Making of the Red Baron – Nissan Skyline-72

December 24th, 2014

I wanted to take part of Humster3D legendary car competition and I decided to make Nissan Skyline. I remember when I was a child and I played in my dad´s garage. There was an awesome poster on the wall and in that poster was the legendary Nissan Skyline -72. It was on a race track somewhere in Japan and it had small raindrops all over the car which make it to look like it was covered with diamonds. I was about 7 years old that time and it was the coolest thing I ever seen. I started to look more information about that car in the library and from that day on I knew that I wanted to work with cars when I´m older. This dream came true and I started my car mechanic studies and graduated. Knowing much more about cars now I can see that this car was so much ahead of it´s time. I´m glad that Nissan has kept some of the original designs in their latest models. The original poster is gone but I wanted to create this work to be similar of how I remember it.

Modeling

Modeling a car is pretty trivial and it took about a weekend to model all the important models. I also used a lot of references to get the best possible idea of the car. My concept also involved a race track so I modeled that too. I didn´t took the topology of my models too seriously and as long as the end results looked good then I was happy.

I also wanted to add some organic models to create a nice contrast between a mechanical subjects. The reason why I modeled the whole scene excluding the sky was that then then car would fit better to it´s surrounding.

Modeling of Nissan Skyline-72

Texturing and shading

When the modeling was done I started to texture my assets. I wanted to add a lot of small details almost every model so I needed to uv unwrap them. I used Photoshop for texturing and about 60% was a hand painting and the rest 40% photo texturing.

Then I started to do some test with V-ray materials. I finally found the right material setup for the car. I used a VRayCarPaintMtl where I plugged my base albedo, specular and roughness maps. I also wanted to add small scratches so I made a looping scratch map that I mixed with the roughness map. Then I needed to add small water drops. I found out that using looping water drops normal map and blending that with the base VRayCarPaintMtl gave me a good results. However I needed to mask this effect so I painted a simple mask that masked out water drops that wouldn´t happen in real-world. Finally I blended a VRayDirt with it and that worked pretty well. I used this same idea pretty much everywhere in the scene.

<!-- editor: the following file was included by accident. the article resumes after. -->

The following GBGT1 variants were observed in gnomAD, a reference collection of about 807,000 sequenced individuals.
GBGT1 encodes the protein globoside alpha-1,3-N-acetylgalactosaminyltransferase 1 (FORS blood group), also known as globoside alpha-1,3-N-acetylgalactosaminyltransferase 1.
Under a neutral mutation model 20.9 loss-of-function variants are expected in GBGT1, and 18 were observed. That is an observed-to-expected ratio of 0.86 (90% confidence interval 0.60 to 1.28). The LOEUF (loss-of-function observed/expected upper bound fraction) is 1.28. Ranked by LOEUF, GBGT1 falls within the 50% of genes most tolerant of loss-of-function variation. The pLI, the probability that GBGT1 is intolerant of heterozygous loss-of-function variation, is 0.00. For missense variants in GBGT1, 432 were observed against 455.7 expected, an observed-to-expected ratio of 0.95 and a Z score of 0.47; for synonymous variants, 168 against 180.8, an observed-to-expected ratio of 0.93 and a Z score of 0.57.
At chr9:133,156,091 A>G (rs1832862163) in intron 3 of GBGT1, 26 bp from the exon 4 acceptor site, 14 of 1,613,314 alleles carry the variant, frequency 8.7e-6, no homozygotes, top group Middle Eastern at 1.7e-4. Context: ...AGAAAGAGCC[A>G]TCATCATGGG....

The final touch was to model some actual water drops to place on top of the car. I used a simple PArray system in 3ds max to do this.

Texturing and shading

Fast testing

My previous projects have taught me that good results requires a lot of testing. Using offline rendering for that takes a lot of time so I used Marmoset Toolbag 2. There I could place lights and test different colors, textures and so on. Cool thing about Toolbag 2 is that it´s real-time engine that supports PBR so I got nice results fast.

Fast testing

Final lighting

When I got a solid idea about the lighting I started to create that in 3ds max. I created a dome VRayLight and used HDR environment texture there to get the IBL system up and running. I also added a sun that was a sphere VRayLight. Then it was just testing to find the right settings.

Real-time engines are very accurate these days and I really like to use them along with the offline rendering. Making slow workflows faster is a good thing because then you have more time to use with more important things in your work.

Final lighting

Rendering and color correction

I used V-Ray for rendering in this project. Settings were pretty basic. I turned GI on, irradiance as primary, light cache as secondary engine and added some render elements to be baked during the rendering process.

My test renders showed me that I needed to tweak some subdivision settings in materials and lights to get faster render times. I used my old dual core CPU for rendering and the final render took about 10 hours in 2200×1300 resolution.

Color correction was a pretty straight-forward operation. I rendered render passes like specular, diffuse, shadows, reflections, z-depth, ObjectID, GI. I also rendered a version with headlights on and blended that in the final process. That was about it.

Rendering and color correction

Big thanks to Humster3D for making this competition happen and thanks all for reading this!

You can find more works on my Portfolio or on my Facebook page.

-Kimmo Kaunela

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